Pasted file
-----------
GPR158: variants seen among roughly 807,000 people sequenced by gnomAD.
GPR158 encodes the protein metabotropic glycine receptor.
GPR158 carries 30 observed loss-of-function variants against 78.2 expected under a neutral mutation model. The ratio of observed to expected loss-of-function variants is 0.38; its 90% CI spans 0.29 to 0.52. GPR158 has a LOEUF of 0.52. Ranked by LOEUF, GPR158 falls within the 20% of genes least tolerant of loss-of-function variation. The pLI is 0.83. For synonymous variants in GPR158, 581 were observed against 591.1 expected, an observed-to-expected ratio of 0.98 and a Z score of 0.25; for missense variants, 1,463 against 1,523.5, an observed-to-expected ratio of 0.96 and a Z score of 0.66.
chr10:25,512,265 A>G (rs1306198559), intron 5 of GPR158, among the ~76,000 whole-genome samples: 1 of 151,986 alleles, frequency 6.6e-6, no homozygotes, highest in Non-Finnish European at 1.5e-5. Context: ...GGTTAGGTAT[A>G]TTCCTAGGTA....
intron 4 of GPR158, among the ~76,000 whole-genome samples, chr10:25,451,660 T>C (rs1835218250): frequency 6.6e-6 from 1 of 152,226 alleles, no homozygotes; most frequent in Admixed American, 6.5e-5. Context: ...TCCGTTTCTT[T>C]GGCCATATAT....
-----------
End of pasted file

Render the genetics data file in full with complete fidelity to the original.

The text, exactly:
GPR158: variants seen among roughly 807,000 people sequenced by gnomAD.
GPR158 encodes the protein metabotropic glycine receptor.
GPR158 carries 30 observed loss-of-function variants against 78.2 expected under a neutral mutation model. The ratio of observed to expected loss-of-function variants is 0.38; its 90% CI spans 0.29 to 0.52. GPR158 has a LOEUF of 0.52. Ranked by LOEUF, GPR158 falls within the 20% of genes least tolerant of loss-of-function variation. The pLI is 0.83. For synonymous variants in GPR158, 581 were observed against 591.1 expected, an observed-to-expected ratio of 0.98 and a Z score of 0.25; for missense variants, 1,463 against 1,523.5, an observed-to-expected ratio of 0.96 and a Z score of 0.66.
chr10:25,512,265 A>G (rs1306198559), intron 5 of GPR158, among the ~76,000 whole-genome samples: 1 of 151,986 alleles, frequency 6.6e-6, no homozygotes, highest in Non-Finnish European at 1.5e-5. Context: ...GGTTAGGTAT[A>G]TTCCTAGGTA....
intron 4 of GPR158, among the ~76,000 whole-genome samples, chr10:25,451,660 T>C (rs1835218250): frequency 6.6e-6 from 1 of 152,226 alleles, no homozygotes; most frequent in Admixed American, 6.5e-5. Context: ...TCCGTTTCTT[T>C]GGCCATATAT....